Let’s say you’ve weighed that piece of packed luggage at home. You’ve checked the weight several times. You are satisfied that the weight is not over what the airline will allow for no extra charge. You know that you have a terrific scale that doesn’t lie.
Feeling confident in the weight that you are now hoisting onto the scale at the airline check-in counter, your eyes bug out because your luggage is two pounds over. “How can that be?” you ask the person who is getting ready to write you up the bill for overweight baggage.
If you are at an American Airlines ticket counter at JFK, the difference between your luggage weight at home and your luggage weight at the airport may be caused by the scale at JFK. According to this NY Post article, the American Airlines’ scales are sometimes not calibrated correctly. In one instance, a check of scales at both La Guardia and JFK found that 102 scales out of 810 were not accurate.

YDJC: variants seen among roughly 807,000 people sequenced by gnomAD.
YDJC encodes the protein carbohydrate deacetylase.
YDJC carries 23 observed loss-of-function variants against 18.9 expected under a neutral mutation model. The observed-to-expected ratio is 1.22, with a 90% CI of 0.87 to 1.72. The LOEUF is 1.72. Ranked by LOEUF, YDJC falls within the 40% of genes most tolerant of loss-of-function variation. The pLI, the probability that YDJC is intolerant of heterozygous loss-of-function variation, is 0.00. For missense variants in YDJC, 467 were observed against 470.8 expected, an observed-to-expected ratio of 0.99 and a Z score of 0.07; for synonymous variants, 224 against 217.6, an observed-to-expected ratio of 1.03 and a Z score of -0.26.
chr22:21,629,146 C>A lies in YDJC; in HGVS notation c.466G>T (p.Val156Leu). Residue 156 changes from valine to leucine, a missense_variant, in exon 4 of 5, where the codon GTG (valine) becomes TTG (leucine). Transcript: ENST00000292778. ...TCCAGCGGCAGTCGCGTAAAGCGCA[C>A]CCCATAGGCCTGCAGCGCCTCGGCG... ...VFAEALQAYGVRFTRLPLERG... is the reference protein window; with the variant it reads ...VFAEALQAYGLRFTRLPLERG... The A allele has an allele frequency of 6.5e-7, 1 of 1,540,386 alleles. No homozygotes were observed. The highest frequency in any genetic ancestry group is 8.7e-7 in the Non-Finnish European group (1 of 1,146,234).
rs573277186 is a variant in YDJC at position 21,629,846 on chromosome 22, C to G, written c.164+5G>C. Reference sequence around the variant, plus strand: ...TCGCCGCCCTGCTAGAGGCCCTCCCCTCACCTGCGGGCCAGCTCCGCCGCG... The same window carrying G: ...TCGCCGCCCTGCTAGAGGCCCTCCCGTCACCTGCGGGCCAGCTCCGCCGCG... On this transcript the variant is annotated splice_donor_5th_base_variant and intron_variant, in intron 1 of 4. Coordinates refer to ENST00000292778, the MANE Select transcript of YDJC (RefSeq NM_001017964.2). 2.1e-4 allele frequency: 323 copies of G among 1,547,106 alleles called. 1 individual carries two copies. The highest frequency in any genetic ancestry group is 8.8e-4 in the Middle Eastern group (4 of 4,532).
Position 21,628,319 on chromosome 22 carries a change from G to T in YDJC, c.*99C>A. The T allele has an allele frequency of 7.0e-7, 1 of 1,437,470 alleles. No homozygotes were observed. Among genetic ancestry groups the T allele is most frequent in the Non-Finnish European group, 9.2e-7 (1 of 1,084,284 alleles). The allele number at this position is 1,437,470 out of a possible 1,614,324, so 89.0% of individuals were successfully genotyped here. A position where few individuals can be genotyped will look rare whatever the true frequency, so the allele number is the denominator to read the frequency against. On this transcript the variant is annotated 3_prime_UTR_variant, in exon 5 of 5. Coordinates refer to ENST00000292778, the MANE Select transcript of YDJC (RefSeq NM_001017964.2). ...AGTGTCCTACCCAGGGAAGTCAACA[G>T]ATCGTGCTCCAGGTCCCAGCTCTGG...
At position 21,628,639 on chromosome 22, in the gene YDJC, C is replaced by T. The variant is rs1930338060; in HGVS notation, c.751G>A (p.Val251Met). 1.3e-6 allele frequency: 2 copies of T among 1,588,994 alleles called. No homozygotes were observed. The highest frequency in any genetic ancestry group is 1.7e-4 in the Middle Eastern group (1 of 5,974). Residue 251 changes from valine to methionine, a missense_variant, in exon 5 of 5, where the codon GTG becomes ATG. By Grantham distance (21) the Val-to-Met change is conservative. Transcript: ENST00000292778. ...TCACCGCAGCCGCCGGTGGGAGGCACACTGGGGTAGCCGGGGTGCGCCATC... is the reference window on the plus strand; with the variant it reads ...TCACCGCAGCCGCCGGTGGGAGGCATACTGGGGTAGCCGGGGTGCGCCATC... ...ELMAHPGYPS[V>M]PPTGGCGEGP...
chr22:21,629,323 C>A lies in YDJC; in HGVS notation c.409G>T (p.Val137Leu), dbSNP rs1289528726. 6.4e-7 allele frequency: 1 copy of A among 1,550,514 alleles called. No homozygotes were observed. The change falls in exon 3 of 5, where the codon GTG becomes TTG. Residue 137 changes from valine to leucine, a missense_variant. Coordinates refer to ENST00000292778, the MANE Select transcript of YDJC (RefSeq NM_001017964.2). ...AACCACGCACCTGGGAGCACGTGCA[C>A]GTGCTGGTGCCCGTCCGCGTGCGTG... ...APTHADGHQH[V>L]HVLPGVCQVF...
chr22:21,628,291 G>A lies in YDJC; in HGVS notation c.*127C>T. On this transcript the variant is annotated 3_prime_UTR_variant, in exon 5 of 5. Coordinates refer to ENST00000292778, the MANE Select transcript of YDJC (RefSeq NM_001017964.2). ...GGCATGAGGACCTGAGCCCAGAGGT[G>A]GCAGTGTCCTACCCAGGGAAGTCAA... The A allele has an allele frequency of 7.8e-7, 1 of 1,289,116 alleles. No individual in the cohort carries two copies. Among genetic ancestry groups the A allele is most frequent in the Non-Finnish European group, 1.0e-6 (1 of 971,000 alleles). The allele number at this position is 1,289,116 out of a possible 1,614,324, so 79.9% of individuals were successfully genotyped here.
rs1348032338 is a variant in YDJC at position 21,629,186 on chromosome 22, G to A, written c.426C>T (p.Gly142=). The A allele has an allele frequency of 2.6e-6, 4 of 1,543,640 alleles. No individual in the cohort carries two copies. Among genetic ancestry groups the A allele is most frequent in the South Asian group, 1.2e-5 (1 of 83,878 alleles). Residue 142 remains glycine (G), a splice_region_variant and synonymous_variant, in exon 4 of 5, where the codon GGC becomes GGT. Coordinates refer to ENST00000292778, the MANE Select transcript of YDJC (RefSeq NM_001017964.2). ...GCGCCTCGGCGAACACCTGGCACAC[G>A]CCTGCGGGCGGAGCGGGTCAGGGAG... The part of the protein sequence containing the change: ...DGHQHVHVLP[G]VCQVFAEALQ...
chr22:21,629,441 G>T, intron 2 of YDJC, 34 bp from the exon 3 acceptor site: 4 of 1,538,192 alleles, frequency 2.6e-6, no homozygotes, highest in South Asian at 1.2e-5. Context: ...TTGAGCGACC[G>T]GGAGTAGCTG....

When a scale is not accurate, it’s supposed to be taken out of commission until it is fixed. Although airlines aim to comply with this rule, sometimes faulty scales are still used. For example, of the 120 that were not working correctly, 10 were still being used a couple days later.
From what I gather after reading the article, the scale problem is mainly with American Airlines. The airlines does claim to spend mega bucks on scale calibration.
If you see a red sticker on a scale that says ‘condemned’ and the scale is still being used, let the Department of Consumer Affairs know about it. With American Airlines charging the heftiest fee for overweight baggage, one pound can make a difference.
[The photo by Todd Huffman is of a scale at the airport in Kabul, Afghanistan. I wonder how accurate this one is? Maybe American should look into it.]